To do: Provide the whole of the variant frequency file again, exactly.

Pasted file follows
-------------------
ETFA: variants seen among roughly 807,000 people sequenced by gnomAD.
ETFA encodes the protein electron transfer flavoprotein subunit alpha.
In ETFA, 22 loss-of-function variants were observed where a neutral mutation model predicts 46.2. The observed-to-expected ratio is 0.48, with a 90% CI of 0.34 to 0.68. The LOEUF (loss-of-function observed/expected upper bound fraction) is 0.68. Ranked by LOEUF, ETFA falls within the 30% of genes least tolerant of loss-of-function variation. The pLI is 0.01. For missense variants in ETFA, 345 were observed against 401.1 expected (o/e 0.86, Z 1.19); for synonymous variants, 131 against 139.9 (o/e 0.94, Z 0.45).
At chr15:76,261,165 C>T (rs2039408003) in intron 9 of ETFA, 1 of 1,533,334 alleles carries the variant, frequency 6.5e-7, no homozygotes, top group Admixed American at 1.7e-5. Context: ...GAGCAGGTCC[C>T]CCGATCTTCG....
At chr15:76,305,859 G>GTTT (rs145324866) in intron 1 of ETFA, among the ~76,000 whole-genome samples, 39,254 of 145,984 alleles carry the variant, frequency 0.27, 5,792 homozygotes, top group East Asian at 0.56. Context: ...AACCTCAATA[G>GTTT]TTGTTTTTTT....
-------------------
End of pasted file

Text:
ETFA: variants seen among roughly 807,000 people sequenced by gnomAD.
ETFA encodes the protein electron transfer flavoprotein subunit alpha.
In ETFA, 22 loss-of-function variants were observed where a neutral mutation model predicts 46.2. The observed-to-expected ratio is 0.48, with a 90% CI of 0.34 to 0.68. The LOEUF (loss-of-function observed/expected upper bound fraction) is 0.68. Ranked by LOEUF, ETFA falls within the 30% of genes least tolerant of loss-of-function variation. The pLI is 0.01. For missense variants in ETFA, 345 were observed against 401.1 expected (o/e 0.86, Z 1.19); for synonymous variants, 131 against 139.9 (o/e 0.94, Z 0.45).
At chr15:76,261,165 C>T (rs2039408003) in intron 9 of ETFA, 1 of 1,533,334 alleles carries the variant, frequency 6.5e-7, no homozygotes, top group Admixed American at 1.7e-5. Context: ...GAGCAGGTCC[C>T]CCGATCTTCG....
At chr15:76,305,859 G>GTTT (rs145324866) in intron 1 of ETFA, among the ~76,000 whole-genome samples, 39,254 of 145,984 alleles carry the variant, frequency 0.27, 5,792 homozygotes, top group East Asian at 0.56. Context: ...AACCTCAATA[G>GTTT]TTGTTTTTTT....